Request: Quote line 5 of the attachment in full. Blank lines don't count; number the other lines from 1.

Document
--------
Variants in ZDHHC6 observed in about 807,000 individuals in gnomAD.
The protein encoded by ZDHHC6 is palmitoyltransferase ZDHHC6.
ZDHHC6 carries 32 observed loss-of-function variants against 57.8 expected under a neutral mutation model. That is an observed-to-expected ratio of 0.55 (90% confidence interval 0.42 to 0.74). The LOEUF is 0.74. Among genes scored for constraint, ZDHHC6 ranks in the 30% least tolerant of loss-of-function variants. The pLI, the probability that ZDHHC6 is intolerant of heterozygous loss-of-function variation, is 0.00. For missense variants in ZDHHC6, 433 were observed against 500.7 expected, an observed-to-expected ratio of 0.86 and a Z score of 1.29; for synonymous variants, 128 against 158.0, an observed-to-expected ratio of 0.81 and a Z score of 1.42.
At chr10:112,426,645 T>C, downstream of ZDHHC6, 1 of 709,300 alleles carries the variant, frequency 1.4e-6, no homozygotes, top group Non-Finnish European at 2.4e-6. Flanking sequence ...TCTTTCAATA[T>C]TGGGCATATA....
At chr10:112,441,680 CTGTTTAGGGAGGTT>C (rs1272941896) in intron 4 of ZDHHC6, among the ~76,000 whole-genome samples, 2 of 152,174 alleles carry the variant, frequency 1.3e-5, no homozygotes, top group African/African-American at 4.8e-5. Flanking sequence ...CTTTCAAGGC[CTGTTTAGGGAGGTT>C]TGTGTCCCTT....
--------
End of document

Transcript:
At chr10:112,441,680 CTGTTTAGGGAGGTT>C (rs1272941896) in intron 4 of ZDHHC6, among the ~76,000 whole-genome samples, 2 of 152,174 alleles carry the variant, frequency 1.3e-5, no homozygotes, top group African/African-American at 4.8e-5. Flanking sequence ...CTTTCAAGGC[CTGTTTAGGGAGGTT>C]TGTGTCCCTT....